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CRITICAL ANALYSIS OF GLOBAL DEVELOPMENTS, TRENDS & IDEAS

Monthly archive

March 2015

Lee Kuan Yew & The Curious Legacies of “Benevolent Dictators”

in Asia/Economics/Human Rights/Politics by

As has been widely reported in global media, the former prime minister of Singapore Lee Kuan Yew has passed away at the age of 91. Immediately following his passing, coverage of the conflicting nature of Singapore’s political system and the man responsible for it has proliferated. One of the most widely read is The Economist‘s piece which succinctly summarizes the phenomenal economic success that has come to represent Singapore. Lee remarkably was able to turn a tiny nation that had went through British and Japanese occupation in addition to being unceremoniously booted from its larger neighbor Malaysia, without fresh water or natural resources, into a global success story that has inspired many as a political and economic model. At the same time, Lee is also known for his decades-long (31 years as PM and 21 years as an advisor) authoritarian rule in Singapore. In addition to the famous tough definition and punishment of crimes, Lee also used defamation suits against those in the media and the opposition who opposed his rule. One recent point of criticism has been the way in which his family members have benefitted from their father’s position. His eldest son, Lee Hsien Loong, can be considered the most prominent,…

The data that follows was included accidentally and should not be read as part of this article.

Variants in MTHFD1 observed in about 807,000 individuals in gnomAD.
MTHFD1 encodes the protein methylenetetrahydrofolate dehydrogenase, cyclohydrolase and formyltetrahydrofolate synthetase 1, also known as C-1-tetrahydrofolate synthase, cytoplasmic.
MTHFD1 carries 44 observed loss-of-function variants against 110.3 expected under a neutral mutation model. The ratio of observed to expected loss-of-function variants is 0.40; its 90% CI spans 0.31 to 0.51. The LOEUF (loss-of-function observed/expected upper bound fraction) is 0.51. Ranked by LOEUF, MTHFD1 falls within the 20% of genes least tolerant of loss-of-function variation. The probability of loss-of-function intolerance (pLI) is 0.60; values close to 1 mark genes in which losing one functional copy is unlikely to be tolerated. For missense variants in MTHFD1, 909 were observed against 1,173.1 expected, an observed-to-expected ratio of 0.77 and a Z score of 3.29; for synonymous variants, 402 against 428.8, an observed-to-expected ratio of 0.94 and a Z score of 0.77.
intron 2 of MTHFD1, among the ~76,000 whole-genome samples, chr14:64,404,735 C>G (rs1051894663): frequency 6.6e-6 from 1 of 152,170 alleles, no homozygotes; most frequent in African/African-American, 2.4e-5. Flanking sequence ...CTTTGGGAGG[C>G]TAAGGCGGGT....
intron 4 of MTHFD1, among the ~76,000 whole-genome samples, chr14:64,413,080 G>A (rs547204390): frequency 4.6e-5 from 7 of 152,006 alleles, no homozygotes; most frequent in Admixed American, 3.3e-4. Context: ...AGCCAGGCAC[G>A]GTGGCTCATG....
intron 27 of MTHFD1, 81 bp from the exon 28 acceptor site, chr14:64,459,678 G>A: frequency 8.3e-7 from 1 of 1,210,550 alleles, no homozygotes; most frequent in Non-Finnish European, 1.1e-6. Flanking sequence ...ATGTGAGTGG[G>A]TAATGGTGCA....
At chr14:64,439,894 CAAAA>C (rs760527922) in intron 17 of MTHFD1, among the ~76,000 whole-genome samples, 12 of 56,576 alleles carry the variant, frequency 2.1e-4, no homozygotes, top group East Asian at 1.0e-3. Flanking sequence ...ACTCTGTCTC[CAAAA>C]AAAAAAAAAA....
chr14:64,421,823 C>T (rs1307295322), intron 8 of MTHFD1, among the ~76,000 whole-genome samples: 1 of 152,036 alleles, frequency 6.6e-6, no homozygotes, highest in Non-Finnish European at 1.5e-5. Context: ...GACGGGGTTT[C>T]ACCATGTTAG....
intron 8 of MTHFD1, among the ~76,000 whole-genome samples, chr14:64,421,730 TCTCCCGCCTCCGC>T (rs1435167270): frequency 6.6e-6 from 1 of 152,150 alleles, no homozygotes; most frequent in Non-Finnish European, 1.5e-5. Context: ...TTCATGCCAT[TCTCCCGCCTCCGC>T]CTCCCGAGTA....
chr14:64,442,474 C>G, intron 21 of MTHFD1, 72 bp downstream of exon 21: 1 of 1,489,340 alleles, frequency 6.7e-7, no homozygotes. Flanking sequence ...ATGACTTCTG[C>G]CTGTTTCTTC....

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ISILationism, Part 1: America’s Sideline Strategy against the Islamic State and the “Strange Bedfellow” Alliance that Follows

in Middle East/Security/US by

As subtle, swift, and stark as a thief in the night, the Islamic State of Iraq and the Levant (ISIL) sprang from the ravaging badlands of Syria and inflicted a reign of terror far worse than its predecessor, Al-Qaida. A splinter-cell offshoot of Al-Qaida in Iraq (AQI) and the Al-Nusra front in Syria, ISIL forged greater numbers and strength (U.S.-aided munitions and equipment), and inevitably built up its own Caliphate of Islamic fundamentalism. ISIL intends on dominating the region of its claim by unreasonably violent means, subjecting its opponents to public executions, slavery, forced marriage, and many other abominable acts against humanity. A major adversary dismantling the prospects of a more steady and diplomatic Iraq, ISIL threatens neighboring countries and the entire international community, much like Al-Qaida, but through more contemporary methods of advertising as well (i.e. social media networks). The crisis at hand is not solely attributed to the outset of ISIL, but how exactly ISIL must be dealt with; in effect, ISIL may or may not have intended on the more unconventional battles to be waged by their enemies, but the current stratagem of the United States and Near Eastern states could unavoidably lead to triggers for multiple…

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Rising Challenges for Urban Refugees Under Thai Military Junta

in Asia/Human Rights/Politics by